such as "Introduction", "Conclusion"..etc
The recent findings by a team of Northeastern University ecologists
studying plant life on the Boston Harbor Islands may advance societal
efforts to stem the damage caused by invading exotic species.
When these non-native species of plants gain a toehold and start
colonizing, they can cause tremendous economic and environmental harm.
In 2005, damages resulting from these exotic colonies cost an estimated
$120 billion. For that reason, scientists continue to try to identify
what factors influence the establishment of exotic species in order to
help prevent them from colonizing.
The Northeastern study, published in the journal Ecology, found
that, contrary to prior research, exotic plant species are more capable
of colonizing islands further away from the mainland than their native
“Our study shows how the predictions of island biogeography can
provide insight into the broad-scale factors driving the colonization
and establishment of exotic species on islands,” said Associate
Professor of Biology Geoffrey C. Trussell, one of the lead researchers,
and director of Northeastern’s Marine Science Center.
Funded by the Andrew W. Mellon Foundation and the National Science
Foundation, this study is unique because it overcame issues that have
limited the conclusions of previous studies on the distribution and
abundance of exotic and native species on islands. Trussell, Marine
Science Center postdoctoral research associate Jeremy Long, and Ted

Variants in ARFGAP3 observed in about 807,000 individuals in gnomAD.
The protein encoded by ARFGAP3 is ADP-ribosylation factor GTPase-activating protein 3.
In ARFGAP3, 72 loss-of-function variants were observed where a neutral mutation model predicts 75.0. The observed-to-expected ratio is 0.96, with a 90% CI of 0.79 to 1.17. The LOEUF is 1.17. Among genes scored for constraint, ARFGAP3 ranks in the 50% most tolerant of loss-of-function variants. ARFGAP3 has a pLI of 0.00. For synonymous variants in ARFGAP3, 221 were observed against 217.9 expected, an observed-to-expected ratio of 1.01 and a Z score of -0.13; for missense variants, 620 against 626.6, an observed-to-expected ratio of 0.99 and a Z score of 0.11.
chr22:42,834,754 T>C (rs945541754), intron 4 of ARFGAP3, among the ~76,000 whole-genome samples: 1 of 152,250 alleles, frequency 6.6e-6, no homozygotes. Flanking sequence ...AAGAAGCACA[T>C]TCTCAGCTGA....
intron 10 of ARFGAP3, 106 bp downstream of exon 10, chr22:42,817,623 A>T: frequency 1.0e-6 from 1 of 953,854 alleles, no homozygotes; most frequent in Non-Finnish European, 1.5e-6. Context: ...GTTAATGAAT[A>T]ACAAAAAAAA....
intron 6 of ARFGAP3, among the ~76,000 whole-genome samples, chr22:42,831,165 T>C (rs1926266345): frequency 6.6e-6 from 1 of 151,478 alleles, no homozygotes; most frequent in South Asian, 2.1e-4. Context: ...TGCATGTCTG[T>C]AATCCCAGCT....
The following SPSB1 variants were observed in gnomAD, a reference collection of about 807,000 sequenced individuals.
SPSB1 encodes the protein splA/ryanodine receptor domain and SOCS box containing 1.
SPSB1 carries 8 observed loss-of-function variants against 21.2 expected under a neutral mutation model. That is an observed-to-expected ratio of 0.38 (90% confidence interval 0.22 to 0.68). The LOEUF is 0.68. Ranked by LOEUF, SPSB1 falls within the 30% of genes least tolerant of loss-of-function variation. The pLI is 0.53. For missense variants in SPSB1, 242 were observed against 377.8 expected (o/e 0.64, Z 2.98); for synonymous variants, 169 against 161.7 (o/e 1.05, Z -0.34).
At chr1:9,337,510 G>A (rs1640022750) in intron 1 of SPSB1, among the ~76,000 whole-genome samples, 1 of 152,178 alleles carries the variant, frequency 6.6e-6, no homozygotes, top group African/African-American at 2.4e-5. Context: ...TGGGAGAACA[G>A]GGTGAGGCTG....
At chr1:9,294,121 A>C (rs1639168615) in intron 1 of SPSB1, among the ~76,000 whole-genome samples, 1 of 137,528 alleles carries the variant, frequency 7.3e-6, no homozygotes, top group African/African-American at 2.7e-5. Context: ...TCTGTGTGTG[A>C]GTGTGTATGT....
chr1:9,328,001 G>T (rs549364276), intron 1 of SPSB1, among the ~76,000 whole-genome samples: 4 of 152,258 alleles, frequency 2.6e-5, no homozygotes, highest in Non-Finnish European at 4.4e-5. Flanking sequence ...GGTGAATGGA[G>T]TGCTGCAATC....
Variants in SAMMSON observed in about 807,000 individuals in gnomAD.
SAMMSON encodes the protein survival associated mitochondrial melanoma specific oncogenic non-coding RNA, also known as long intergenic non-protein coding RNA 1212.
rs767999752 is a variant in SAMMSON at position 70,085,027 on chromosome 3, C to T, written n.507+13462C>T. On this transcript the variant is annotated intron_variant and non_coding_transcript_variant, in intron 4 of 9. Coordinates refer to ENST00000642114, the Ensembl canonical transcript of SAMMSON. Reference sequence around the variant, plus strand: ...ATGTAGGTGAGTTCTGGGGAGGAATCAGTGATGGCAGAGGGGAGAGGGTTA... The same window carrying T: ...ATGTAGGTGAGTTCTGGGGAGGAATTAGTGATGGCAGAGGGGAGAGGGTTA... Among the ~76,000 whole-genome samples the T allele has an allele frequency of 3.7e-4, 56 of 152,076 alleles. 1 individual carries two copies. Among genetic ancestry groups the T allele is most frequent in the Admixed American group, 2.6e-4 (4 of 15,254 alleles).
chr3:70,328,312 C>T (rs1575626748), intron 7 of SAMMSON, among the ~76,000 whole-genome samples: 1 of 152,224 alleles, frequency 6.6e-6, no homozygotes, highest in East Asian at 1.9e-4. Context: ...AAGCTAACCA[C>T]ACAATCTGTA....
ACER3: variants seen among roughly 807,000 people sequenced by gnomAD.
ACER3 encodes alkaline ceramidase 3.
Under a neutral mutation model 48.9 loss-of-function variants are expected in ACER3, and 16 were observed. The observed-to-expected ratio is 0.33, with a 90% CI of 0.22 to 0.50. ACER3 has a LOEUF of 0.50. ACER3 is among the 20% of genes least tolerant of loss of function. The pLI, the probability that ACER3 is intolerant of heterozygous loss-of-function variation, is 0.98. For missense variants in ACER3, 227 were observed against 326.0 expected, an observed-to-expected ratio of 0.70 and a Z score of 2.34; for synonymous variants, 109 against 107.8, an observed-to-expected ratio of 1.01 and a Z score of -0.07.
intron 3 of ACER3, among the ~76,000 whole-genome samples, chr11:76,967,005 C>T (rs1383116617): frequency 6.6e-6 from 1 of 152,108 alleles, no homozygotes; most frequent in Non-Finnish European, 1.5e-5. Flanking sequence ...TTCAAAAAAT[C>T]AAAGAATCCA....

Elliman of the New England Wild Flower Society, focused their study on
a group of islands that were ideal in terms of their location and the
number of exotic and native species colonizing on them.
Trussell noted that, according to classical island biogeography
theory, larger islands should have more species than smaller islands
and islands located closer to the mainland should have more species
than islands further away from the mainland.
The Northeastern study found that, consistent with theory, the
larger harbor islands closer to the mainland have more native and
exotic species than the smaller islands further away from the mainland.
However, the greater relative abundance of exotic species on the
islands further away from the mainland suggests that native and exotic
species are responding differently to island isolation and potentially
“We hope that similar approaches by future researchers will provide
a better understanding of exotic and native plant communities and the
mechanisms driving their dynamics,” added Trussell.
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